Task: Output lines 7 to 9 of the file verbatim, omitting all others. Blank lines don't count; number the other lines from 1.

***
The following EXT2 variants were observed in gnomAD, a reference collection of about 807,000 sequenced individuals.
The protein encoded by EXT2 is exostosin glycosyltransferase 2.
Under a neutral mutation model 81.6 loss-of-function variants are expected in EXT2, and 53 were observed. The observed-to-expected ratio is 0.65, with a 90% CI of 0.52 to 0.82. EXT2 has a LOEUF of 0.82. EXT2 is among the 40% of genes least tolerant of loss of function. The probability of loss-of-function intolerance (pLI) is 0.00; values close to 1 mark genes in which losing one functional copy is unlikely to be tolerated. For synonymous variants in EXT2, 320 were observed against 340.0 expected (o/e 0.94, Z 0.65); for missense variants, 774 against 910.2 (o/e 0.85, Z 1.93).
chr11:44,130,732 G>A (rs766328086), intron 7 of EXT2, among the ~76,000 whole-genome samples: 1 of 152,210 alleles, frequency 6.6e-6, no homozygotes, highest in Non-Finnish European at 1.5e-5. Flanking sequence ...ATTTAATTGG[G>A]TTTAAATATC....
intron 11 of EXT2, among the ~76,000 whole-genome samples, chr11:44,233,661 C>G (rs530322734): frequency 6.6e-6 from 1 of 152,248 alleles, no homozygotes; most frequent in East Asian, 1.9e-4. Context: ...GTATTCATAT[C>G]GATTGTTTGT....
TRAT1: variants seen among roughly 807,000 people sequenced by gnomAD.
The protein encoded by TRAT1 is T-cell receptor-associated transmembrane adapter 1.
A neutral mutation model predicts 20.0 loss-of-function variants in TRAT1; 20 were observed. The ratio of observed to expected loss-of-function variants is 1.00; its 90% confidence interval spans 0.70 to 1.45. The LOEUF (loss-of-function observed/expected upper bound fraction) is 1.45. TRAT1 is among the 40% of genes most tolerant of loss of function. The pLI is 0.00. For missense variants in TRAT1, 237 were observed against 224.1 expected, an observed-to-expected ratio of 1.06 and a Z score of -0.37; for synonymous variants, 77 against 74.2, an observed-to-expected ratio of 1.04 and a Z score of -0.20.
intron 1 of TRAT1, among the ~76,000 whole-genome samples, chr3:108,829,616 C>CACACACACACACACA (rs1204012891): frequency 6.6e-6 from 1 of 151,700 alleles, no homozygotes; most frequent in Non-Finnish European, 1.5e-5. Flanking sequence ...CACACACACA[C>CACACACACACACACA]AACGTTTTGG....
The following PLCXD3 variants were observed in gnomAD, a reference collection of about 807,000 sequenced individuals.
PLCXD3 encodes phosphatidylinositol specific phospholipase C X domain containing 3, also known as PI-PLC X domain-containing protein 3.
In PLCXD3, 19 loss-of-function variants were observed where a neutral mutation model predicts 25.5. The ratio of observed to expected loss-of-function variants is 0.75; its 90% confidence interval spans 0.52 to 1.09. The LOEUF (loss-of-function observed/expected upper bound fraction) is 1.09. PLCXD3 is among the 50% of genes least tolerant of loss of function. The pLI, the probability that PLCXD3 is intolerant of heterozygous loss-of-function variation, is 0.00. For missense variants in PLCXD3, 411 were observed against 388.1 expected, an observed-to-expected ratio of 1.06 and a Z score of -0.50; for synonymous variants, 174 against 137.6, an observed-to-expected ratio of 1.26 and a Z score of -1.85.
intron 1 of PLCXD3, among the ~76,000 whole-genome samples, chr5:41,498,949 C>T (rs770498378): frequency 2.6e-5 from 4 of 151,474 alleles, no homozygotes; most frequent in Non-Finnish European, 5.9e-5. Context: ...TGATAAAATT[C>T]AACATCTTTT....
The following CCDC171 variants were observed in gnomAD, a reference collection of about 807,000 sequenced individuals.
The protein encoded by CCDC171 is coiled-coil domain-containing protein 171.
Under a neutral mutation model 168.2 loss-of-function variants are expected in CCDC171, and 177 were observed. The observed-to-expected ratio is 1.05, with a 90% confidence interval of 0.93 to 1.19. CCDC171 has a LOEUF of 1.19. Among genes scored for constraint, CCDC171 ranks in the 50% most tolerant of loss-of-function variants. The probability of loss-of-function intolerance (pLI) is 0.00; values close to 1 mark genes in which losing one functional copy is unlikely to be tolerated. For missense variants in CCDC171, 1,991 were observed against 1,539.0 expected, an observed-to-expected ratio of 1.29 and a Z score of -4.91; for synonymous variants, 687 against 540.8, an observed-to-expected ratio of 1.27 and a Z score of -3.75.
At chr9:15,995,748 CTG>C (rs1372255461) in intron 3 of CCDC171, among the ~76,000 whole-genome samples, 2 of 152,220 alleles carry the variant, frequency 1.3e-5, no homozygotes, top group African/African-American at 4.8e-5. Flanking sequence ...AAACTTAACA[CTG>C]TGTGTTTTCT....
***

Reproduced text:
The protein encoded by TRAT1 is T-cell receptor-associated transmembrane adapter 1.
A neutral mutation model predicts 20.0 loss-of-function variants in TRAT1; 20 were observed. The ratio of observed to expected loss-of-function variants is 1.00; its 90% confidence interval spans 0.70 to 1.45. The LOEUF (loss-of-function observed/expected upper bound fraction) is 1.45. TRAT1 is among the 40% of genes most tolerant of loss of function. The pLI is 0.00. For missense variants in TRAT1, 237 were observed against 224.1 expected, an observed-to-expected ratio of 1.06 and a Z score of -0.37; for synonymous variants, 77 against 74.2, an observed-to-expected ratio of 1.04 and a Z score of -0.20.
intron 1 of TRAT1, among the ~76,000 whole-genome samples, chr3:108,829,616 C>CACACACACACACACA (rs1204012891): frequency 6.6e-6 from 1 of 151,700 alleles, no homozygotes; most frequent in Non-Finnish European, 1.5e-5. Flanking sequence ...CACACACACA[C>CACACACACACACACA]AACGTTTTGG....